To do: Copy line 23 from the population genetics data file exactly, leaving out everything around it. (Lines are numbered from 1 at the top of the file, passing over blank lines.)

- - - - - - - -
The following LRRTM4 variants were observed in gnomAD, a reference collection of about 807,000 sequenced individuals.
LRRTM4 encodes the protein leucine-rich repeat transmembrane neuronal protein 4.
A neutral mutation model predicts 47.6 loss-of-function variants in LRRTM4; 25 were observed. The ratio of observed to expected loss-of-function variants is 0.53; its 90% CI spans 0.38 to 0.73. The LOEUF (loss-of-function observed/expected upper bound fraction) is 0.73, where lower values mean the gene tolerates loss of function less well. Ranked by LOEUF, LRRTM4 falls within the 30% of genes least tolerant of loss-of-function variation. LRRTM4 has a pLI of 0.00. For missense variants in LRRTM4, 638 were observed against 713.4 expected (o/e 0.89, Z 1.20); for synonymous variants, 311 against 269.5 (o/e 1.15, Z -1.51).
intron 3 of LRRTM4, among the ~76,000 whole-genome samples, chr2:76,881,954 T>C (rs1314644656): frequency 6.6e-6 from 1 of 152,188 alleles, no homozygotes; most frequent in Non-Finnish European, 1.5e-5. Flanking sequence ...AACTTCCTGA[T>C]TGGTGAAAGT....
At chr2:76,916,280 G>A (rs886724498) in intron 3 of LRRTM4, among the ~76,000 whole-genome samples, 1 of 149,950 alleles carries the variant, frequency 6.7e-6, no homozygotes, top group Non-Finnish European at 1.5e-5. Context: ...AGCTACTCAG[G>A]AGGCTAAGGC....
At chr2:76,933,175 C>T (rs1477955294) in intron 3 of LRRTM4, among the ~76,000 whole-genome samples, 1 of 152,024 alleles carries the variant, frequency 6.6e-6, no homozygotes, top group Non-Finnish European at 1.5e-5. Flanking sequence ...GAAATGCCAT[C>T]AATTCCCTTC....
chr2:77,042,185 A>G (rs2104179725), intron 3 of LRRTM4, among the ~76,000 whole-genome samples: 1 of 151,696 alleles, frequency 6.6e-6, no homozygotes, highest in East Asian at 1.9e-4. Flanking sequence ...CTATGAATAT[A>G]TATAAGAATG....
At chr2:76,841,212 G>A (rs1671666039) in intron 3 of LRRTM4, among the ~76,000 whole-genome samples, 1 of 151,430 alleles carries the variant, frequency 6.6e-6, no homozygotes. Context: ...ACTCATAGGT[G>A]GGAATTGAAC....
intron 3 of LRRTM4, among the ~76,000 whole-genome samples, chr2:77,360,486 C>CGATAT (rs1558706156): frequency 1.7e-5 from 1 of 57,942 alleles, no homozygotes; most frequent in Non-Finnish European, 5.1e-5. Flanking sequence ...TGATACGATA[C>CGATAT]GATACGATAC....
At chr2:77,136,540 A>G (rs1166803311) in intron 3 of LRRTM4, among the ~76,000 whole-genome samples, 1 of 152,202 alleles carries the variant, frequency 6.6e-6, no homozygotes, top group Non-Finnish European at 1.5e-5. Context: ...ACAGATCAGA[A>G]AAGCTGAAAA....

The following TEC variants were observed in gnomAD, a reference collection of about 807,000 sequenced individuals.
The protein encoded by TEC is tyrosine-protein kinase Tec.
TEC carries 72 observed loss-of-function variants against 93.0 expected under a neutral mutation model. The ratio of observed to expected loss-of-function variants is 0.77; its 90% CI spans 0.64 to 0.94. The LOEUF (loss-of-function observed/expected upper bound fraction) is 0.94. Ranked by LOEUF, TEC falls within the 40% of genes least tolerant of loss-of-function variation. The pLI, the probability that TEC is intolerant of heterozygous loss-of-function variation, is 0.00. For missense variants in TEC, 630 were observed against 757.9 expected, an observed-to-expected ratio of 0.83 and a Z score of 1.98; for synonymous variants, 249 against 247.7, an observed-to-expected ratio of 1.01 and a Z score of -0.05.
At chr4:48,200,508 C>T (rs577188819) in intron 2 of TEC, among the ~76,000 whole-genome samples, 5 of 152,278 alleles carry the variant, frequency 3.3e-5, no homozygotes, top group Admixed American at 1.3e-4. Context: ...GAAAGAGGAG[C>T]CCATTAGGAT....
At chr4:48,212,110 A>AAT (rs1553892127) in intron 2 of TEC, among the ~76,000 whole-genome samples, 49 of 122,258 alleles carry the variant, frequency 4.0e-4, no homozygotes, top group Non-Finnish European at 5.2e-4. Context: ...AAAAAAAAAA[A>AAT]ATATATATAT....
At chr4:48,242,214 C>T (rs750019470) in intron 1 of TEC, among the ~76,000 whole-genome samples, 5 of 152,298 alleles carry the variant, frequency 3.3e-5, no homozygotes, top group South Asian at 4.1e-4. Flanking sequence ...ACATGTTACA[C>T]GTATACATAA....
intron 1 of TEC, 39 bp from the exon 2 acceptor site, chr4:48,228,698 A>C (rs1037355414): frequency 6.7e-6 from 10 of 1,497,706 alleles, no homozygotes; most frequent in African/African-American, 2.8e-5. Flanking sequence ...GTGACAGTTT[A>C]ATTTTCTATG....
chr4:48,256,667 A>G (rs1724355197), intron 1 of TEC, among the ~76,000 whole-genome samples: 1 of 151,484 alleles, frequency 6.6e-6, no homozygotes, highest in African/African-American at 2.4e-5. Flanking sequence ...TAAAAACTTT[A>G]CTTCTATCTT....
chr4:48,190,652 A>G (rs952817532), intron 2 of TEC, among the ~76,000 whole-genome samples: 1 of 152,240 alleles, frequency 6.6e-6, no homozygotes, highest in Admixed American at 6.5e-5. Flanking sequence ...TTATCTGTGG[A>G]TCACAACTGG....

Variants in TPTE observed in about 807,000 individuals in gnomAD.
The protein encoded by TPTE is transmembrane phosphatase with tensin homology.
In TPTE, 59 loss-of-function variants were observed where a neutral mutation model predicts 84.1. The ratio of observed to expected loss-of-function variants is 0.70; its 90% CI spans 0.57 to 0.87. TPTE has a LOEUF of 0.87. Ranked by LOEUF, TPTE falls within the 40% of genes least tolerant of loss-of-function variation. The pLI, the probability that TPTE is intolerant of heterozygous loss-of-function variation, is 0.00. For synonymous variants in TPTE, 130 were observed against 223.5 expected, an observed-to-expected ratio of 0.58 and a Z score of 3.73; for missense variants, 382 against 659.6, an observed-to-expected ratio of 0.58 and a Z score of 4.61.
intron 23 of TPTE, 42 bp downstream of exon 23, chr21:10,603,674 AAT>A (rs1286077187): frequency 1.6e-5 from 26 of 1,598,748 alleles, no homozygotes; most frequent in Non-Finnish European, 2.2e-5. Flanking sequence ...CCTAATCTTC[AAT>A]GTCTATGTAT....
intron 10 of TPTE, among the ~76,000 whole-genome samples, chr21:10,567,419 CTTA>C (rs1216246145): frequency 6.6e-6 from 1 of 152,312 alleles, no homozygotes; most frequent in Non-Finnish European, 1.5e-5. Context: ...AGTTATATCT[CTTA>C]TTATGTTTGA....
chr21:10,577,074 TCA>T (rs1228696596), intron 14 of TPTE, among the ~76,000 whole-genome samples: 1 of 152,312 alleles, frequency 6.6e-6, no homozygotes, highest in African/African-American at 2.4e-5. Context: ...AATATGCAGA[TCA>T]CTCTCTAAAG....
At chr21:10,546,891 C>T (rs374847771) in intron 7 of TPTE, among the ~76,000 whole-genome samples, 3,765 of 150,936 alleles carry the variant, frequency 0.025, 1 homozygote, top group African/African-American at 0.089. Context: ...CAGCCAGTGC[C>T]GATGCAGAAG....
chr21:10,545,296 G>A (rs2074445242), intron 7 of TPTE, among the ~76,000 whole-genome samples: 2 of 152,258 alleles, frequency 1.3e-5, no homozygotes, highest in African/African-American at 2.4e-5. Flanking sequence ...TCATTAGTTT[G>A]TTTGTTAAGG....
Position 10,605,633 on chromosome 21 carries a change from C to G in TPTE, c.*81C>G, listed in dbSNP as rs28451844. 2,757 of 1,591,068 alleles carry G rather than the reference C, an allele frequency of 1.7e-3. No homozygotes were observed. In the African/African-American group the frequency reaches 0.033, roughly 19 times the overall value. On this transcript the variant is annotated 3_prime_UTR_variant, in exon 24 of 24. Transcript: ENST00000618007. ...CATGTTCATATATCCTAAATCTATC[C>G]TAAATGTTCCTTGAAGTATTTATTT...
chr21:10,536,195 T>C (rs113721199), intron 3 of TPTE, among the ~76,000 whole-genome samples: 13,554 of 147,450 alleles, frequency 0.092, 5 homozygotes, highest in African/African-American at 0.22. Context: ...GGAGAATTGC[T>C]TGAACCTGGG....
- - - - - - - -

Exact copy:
intron 23 of TPTE, 42 bp downstream of exon 23, chr21:10,603,674 AAT>A (rs1286077187): frequency 1.6e-5 from 26 of 1,598,748 alleles, no homozygotes; most frequent in Non-Finnish European, 2.2e-5. Flanking sequence ...CCTAATCTTC[AAT>A]GTCTATGTAT....